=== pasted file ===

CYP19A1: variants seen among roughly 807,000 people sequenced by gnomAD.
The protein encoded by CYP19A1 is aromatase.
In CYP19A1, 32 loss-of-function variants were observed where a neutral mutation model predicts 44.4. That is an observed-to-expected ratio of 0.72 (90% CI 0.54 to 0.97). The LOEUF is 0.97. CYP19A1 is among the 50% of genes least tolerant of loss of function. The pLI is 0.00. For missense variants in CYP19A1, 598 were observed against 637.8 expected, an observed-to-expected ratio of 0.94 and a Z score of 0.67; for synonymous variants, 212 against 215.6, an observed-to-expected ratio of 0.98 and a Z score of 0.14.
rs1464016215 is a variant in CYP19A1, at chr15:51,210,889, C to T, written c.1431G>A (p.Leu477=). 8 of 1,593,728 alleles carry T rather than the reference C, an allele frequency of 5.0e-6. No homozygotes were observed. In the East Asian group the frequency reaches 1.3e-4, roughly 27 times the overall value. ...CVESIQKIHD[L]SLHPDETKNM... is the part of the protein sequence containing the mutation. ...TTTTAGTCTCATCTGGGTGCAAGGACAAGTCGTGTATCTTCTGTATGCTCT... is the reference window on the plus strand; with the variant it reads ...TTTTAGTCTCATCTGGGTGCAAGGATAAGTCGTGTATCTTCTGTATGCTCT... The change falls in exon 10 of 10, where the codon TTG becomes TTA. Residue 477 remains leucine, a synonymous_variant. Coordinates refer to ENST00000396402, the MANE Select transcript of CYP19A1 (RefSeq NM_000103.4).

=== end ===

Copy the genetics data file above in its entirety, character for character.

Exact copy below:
CYP19A1: variants seen among roughly 807,000 people sequenced by gnomAD.
The protein encoded by CYP19A1 is aromatase.
In CYP19A1, 32 loss-of-function variants were observed where a neutral mutation model predicts 44.4. That is an observed-to-expected ratio of 0.72 (90% CI 0.54 to 0.97). The LOEUF is 0.97. CYP19A1 is among the 50% of genes least tolerant of loss of function. The pLI is 0.00. For missense variants in CYP19A1, 598 were observed against 637.8 expected, an observed-to-expected ratio of 0.94 and a Z score of 0.67; for synonymous variants, 212 against 215.6, an observed-to-expected ratio of 0.98 and a Z score of 0.14.
rs1464016215 is a variant in CYP19A1, at chr15:51,210,889, C to T, written c.1431G>A (p.Leu477=). 8 of 1,593,728 alleles carry T rather than the reference C, an allele frequency of 5.0e-6. No homozygotes were observed. In the East Asian group the frequency reaches 1.3e-4, roughly 27 times the overall value. ...CVESIQKIHD[L]SLHPDETKNM... is the part of the protein sequence containing the mutation. ...TTTTAGTCTCATCTGGGTGCAAGGACAAGTCGTGTATCTTCTGTATGCTCT... is the reference window on the plus strand; with the variant it reads ...TTTTAGTCTCATCTGGGTGCAAGGATAAGTCGTGTATCTTCTGTATGCTCT... The change falls in exon 10 of 10, where the codon TTG becomes TTA. Residue 477 remains leucine, a synonymous_variant. Coordinates refer to ENST00000396402, the MANE Select transcript of CYP19A1 (RefSeq NM_000103.4).